Pop star Taylor Swift's purchase of the Samuel Goldwyn estate for $25 million in September, according to public records, caused some head scratching. "I thought there is no way this would ever qualify. It doesn't seem private enough," said one agent. Though it is on nearly 2 acres, gated and walled, its location just behind the Beverly Hills Hotel would make it a non-starter for many top celebrities.
The houses most likely to trade hands between celebrities today are secluded fortresses, like the 1-acre gated estate that actor Richard Dreyfuss bought in the Hollywood Hills in the early 1980s. In 1995, he sold it to actor Kevin Costner; Mr. Costner sold it in 2006 to television host Ryan Seacrest for $11.5 million. Mr. Seacrest, in turn, sold it in 2012 and bought a $37 million Beverly Hills estate previously owned by Ellen DeGeneres.
For some in the entertainment industry, the lure of a classic Hollywood lineage still holds sway. The problem? Reports of past residents can be the Beverly Hills equivalent of an urban legend.
In the past 20 years, pop star Madonna and actress Diane Keaton have both owned the same Spanish Colonial in Beverly Hills, according to public records. The home, designed by Wallace Neff, has long been reported and marketed as the former home of both studio founder Harry Cohn and actress Betty Grable.
Ms. Mills of Coldwell Banker, who sold the house in 2012 for $16.5 million, said she, too, marketed it as Mr. Cohn's former house, because she had read he owned it in a prestigious architectural publication. But public records offer no evidence that either Ms. Grable or Mr. Cohn ever owned it. (The house did serve as a rental in the 1930s, raising the possibility they may have been renters.)
A lengthy, in-person search through the archives of the Los Angeles County Assessor's office does reveal that two other homes marketed as being owned by Ms. Grable were hers. One of them, a 7,200-square-foot Bel Air house, sold earlier this year for $11 million; Ms. Grable bought it for just under $10,000 in 1942. Another estate currently on the market for $28.5 million belonged to Ms. Grable and her husband from 1947 to 1948. They bought it from Bert Lahr, the actor who played the Cowardly Lion in the movie "The Wizard of Oz."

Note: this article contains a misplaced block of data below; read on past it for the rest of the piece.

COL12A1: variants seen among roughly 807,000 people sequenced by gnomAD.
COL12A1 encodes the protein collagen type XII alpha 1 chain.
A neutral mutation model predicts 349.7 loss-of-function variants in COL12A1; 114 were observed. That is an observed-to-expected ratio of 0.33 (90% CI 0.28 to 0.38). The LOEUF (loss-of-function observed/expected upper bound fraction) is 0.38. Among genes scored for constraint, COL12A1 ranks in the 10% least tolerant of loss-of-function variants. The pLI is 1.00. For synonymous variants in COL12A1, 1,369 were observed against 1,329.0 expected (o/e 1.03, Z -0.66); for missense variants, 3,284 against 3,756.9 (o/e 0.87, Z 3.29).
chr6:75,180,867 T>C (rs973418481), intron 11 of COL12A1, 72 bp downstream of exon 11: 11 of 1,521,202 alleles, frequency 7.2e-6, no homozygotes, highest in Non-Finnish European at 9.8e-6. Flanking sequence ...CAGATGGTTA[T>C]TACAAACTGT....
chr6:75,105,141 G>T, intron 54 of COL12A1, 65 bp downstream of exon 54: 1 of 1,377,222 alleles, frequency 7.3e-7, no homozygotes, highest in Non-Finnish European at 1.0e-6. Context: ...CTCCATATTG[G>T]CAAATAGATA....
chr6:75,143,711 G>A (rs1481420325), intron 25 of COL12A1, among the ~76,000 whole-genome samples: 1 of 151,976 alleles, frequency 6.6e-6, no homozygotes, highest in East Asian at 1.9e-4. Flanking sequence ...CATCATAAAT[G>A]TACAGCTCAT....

Title companies can look up the ownership chain of a house in a few minutes and for less than $100, said Bill Burding, executive vice president for Orange Coast Title Company, in Santa Ana. Though his company does about 120,000 searches annually, just two real-estate agents in Southern California called for a list of previous owners for a property they were trying to sell this year, Mr. Burding said. Agents often cobble together a property's history through previous owners, neighborhood lore, published articles and biographies.
Edward Fitz, a partner at the Agency, recently marketed a Los Angeles estate as the former home of actress Katharine Hepburn and actor Boris Karloff, who played Frankenstein's monster in the 1930s. A title search revealed Mr. Karloff's ownership; Mr. Fitz said two biographies of Mr. Karloff mention that Ms. Hepburn rented the house in 1930.
The Hollywood royalty connection "brings the listing far more attention than it would have had," he said. The home sold for $7.4 million, just over the asking price, in mid-September.
Even when a home's celebrity past is well documented, there are buyers who want to tear the house down. Ms. Dixon won her house a landmark designation, and instructed her agent to find buyers who didn't want to change the character of the house. They closed last month for $7.84 million.
"I'm making a little less money," on account of these conditions, said Ms. Dixon. "But I can still feel better that I have made it slightly more difficult for someone to come in and bash it to pieces."